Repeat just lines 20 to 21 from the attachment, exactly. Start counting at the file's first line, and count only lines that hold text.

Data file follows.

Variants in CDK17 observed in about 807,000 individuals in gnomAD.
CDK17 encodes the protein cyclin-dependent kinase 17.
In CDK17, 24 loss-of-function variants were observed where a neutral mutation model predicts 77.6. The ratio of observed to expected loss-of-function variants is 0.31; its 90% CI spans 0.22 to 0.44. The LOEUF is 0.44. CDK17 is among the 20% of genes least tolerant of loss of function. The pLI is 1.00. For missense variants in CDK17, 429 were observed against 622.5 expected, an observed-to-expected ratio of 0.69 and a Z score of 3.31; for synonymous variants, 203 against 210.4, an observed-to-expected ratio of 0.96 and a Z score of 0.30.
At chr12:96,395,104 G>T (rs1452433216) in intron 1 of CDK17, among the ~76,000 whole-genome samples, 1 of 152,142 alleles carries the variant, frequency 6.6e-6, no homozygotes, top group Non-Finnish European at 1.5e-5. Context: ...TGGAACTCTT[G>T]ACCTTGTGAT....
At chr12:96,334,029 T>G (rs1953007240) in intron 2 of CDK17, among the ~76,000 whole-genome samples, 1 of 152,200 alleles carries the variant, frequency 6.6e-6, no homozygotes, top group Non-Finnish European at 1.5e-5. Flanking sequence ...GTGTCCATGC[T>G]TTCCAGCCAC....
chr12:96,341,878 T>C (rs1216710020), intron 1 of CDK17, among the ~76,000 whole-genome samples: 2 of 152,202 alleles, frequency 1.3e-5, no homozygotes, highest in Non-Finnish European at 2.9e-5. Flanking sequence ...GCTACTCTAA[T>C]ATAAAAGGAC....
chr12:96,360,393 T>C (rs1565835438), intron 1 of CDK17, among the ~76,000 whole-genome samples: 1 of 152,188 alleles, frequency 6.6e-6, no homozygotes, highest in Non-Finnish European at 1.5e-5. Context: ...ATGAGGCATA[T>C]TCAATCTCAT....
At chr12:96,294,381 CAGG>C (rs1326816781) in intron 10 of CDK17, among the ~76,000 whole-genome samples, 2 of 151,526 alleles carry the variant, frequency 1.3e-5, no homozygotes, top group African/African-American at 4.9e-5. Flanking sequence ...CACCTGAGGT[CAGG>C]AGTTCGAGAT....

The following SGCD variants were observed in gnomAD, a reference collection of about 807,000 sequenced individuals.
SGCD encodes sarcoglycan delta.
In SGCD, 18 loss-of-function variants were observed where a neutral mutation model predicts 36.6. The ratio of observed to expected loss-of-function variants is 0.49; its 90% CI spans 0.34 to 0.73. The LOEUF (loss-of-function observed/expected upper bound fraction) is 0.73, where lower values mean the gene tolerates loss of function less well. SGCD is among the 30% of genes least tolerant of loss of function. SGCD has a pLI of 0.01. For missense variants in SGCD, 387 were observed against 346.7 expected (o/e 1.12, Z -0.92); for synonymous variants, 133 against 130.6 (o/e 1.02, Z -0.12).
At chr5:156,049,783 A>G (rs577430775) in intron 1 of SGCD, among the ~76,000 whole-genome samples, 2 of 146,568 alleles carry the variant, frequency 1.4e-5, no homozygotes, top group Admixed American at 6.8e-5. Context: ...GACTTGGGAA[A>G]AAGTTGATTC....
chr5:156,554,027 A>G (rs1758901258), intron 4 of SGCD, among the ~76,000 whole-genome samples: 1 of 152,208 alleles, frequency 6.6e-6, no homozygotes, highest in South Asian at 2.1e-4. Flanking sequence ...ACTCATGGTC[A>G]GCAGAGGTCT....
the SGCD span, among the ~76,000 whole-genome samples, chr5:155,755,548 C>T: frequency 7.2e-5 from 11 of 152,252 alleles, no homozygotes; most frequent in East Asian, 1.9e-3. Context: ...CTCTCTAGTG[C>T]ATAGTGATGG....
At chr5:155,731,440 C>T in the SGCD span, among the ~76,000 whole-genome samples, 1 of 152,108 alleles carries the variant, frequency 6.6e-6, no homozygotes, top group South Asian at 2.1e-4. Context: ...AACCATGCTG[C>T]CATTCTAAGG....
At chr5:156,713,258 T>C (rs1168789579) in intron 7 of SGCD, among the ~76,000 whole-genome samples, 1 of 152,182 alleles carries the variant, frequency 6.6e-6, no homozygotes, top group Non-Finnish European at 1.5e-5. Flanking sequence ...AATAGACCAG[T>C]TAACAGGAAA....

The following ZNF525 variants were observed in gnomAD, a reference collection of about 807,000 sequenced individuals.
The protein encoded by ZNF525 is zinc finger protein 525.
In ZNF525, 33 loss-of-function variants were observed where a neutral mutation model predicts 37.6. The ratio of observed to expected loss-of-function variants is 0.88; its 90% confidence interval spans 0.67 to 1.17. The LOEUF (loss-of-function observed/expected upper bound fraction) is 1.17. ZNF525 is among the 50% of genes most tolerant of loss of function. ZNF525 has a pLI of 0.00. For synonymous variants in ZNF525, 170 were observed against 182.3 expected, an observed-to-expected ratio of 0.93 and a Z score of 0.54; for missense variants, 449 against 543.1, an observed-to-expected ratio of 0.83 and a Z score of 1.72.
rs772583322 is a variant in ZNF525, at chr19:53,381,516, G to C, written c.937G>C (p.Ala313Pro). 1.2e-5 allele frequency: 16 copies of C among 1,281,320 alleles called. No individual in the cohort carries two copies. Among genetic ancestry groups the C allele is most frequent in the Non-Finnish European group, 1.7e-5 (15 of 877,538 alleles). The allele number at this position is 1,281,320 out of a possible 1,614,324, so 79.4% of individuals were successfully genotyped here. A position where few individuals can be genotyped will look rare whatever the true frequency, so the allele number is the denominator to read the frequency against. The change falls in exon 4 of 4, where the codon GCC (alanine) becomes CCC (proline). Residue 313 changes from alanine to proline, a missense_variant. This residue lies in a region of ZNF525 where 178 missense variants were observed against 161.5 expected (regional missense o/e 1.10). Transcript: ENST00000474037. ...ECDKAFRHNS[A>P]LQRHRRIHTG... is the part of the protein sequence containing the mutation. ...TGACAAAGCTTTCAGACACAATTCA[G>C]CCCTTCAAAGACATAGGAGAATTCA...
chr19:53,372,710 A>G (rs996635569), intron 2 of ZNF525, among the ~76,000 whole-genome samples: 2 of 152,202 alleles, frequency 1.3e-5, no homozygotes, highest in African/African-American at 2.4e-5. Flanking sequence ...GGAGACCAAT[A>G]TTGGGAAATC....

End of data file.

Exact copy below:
rs772583322 is a variant in ZNF525, at chr19:53,381,516, G to C, written c.937G>C (p.Ala313Pro). 1.2e-5 allele frequency: 16 copies of C among 1,281,320 alleles called. No individual in the cohort carries two copies. Among genetic ancestry groups the C allele is most frequent in the Non-Finnish European group, 1.7e-5 (15 of 877,538 alleles). The allele number at this position is 1,281,320 out of a possible 1,614,324, so 79.4% of individuals were successfully genotyped here. A position where few individuals can be genotyped will look rare whatever the true frequency, so the allele number is the denominator to read the frequency against. The change falls in exon 4 of 4, where the codon GCC (alanine) becomes CCC (proline). Residue 313 changes from alanine to proline, a missense_variant. This residue lies in a region of ZNF525 where 178 missense variants were observed against 161.5 expected (regional missense o/e 1.10). Transcript: ENST00000474037. ...ECDKAFRHNS[A>P]LQRHRRIHTG... is the part of the protein sequence containing the mutation. ...TGACAAAGCTTTCAGACACAATTCA[G>C]CCCTTCAAAGACATAGGAGAATTCA...
chr19:53,372,710 A>G (rs996635569), intron 2 of ZNF525, among the ~76,000 whole-genome samples: 2 of 152,202 alleles, frequency 1.3e-5, no homozygotes, highest in African/African-American at 2.4e-5. Flanking sequence ...GGAGACCAAT[A>G]TTGGGAAATC....